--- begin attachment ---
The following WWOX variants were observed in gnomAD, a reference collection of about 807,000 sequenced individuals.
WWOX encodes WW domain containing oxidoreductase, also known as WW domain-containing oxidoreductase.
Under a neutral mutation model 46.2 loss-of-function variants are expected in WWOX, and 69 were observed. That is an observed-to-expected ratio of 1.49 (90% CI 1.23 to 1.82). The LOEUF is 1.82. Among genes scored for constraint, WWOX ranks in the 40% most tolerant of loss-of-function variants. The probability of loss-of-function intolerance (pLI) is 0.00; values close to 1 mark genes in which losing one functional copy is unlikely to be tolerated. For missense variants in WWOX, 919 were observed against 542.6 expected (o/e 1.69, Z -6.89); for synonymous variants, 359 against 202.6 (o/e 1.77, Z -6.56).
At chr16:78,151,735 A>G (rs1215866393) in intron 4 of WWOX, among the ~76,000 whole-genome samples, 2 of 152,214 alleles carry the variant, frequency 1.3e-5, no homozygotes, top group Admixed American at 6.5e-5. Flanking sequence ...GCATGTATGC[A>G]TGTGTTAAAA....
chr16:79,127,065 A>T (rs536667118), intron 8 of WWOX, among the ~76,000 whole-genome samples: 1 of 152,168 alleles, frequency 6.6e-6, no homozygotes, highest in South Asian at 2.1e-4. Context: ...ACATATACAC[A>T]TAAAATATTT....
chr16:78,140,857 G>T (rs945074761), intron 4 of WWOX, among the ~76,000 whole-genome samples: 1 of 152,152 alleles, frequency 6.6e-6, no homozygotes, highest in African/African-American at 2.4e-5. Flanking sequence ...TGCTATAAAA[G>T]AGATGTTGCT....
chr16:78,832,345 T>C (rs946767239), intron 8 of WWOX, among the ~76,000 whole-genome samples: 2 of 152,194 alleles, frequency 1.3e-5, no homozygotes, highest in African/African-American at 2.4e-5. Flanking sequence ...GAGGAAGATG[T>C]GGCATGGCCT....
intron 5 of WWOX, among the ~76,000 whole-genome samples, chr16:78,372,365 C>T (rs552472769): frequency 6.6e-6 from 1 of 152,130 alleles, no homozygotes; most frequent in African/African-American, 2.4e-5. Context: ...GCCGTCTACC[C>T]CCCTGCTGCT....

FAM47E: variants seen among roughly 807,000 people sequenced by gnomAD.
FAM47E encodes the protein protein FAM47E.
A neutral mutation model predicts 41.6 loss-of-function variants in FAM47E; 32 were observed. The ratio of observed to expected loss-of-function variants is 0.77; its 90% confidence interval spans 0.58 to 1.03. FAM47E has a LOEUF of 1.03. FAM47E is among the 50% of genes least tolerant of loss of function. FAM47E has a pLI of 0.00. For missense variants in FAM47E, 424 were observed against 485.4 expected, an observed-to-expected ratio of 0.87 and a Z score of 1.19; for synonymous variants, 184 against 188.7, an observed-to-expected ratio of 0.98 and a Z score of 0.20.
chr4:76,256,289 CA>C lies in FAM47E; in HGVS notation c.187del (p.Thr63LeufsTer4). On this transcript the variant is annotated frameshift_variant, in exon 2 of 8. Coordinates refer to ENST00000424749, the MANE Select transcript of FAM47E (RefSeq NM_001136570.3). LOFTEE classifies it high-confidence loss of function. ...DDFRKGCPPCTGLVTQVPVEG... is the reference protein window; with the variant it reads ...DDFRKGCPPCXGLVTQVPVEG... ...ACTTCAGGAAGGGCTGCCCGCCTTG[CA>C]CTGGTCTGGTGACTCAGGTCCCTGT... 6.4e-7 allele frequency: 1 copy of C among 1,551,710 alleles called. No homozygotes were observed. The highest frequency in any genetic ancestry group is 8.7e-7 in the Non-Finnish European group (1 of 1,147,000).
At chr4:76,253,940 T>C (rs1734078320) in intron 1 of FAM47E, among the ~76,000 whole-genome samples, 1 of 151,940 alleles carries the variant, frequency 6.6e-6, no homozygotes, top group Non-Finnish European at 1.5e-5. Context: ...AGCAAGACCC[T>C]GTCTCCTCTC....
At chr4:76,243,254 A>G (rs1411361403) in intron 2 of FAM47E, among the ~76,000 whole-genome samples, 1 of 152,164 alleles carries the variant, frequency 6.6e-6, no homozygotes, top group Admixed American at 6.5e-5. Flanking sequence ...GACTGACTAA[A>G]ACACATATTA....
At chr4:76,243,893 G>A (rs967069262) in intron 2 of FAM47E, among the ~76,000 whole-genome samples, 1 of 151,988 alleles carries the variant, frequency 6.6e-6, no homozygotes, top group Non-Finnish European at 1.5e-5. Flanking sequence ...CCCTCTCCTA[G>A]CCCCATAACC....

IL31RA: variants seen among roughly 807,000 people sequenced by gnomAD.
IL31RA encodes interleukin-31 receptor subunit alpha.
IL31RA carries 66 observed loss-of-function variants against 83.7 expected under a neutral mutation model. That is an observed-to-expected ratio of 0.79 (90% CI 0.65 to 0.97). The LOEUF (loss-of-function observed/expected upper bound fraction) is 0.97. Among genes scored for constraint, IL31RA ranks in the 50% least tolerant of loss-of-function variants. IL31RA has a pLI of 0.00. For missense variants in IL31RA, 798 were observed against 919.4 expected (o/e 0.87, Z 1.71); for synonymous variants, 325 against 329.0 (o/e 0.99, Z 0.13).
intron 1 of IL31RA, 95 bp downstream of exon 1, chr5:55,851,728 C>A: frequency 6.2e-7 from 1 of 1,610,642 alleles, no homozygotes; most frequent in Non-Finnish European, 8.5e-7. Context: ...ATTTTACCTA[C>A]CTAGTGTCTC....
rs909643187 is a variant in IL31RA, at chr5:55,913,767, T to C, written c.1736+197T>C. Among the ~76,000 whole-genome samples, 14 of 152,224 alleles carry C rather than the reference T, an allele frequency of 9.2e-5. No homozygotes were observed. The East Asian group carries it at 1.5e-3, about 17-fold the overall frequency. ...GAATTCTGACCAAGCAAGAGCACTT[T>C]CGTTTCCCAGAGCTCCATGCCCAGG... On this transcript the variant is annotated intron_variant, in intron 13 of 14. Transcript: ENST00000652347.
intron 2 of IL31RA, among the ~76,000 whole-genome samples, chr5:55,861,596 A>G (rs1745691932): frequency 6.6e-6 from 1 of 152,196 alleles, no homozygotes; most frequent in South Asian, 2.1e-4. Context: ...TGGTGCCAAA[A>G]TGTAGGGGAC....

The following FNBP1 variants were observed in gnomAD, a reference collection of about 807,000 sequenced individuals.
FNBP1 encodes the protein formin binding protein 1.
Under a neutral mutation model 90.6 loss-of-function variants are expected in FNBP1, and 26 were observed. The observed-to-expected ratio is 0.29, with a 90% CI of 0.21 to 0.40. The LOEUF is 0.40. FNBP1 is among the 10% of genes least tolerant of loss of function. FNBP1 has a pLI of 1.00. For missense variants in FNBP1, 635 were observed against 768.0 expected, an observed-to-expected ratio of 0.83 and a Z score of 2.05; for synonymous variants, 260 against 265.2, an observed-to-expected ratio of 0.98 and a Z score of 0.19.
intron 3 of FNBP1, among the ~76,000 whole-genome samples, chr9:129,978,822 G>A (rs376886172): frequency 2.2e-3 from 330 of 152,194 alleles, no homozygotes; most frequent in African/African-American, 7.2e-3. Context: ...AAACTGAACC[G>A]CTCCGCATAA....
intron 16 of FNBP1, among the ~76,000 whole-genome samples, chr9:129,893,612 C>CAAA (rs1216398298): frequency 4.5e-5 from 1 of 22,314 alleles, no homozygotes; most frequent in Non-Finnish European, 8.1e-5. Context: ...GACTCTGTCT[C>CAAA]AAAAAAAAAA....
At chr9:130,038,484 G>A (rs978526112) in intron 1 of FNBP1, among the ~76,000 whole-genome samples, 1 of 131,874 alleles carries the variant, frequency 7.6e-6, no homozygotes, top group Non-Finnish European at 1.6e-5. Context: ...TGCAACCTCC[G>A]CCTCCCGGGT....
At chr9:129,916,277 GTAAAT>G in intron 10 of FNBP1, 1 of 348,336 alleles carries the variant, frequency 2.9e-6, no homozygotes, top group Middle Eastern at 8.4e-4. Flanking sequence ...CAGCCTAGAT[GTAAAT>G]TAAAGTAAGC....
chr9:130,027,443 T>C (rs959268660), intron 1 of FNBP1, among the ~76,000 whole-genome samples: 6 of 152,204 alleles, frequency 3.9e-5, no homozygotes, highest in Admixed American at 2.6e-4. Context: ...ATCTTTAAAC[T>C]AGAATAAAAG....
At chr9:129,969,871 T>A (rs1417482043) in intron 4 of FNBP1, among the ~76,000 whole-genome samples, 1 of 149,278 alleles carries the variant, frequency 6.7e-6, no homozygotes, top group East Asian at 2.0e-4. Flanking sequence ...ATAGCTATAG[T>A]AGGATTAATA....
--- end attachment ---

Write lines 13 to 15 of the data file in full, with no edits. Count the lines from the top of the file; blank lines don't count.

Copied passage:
At chr4:76,253,940 T>C (rs1734078320) in intron 1 of FAM47E, among the ~76,000 whole-genome samples, 1 of 151,940 alleles carries the variant, frequency 6.6e-6, no homozygotes, top group Non-Finnish European at 1.5e-5. Context: ...AGCAAGACCC[T>C]GTCTCCTCTC....
At chr4:76,243,254 A>G (rs1411361403) in intron 2 of FAM47E, among the ~76,000 whole-genome samples, 1 of 152,164 alleles carries the variant, frequency 6.6e-6, no homozygotes, top group Admixed American at 6.5e-5. Flanking sequence ...GACTGACTAA[A>G]ACACATATTA....
At chr4:76,243,893 G>A (rs967069262) in intron 2 of FAM47E, among the ~76,000 whole-genome samples, 1 of 151,988 alleles carries the variant, frequency 6.6e-6, no homozygotes, top group Non-Finnish European at 1.5e-5. Flanking sequence ...CCCTCTCCTA[G>A]CCCCATAACC....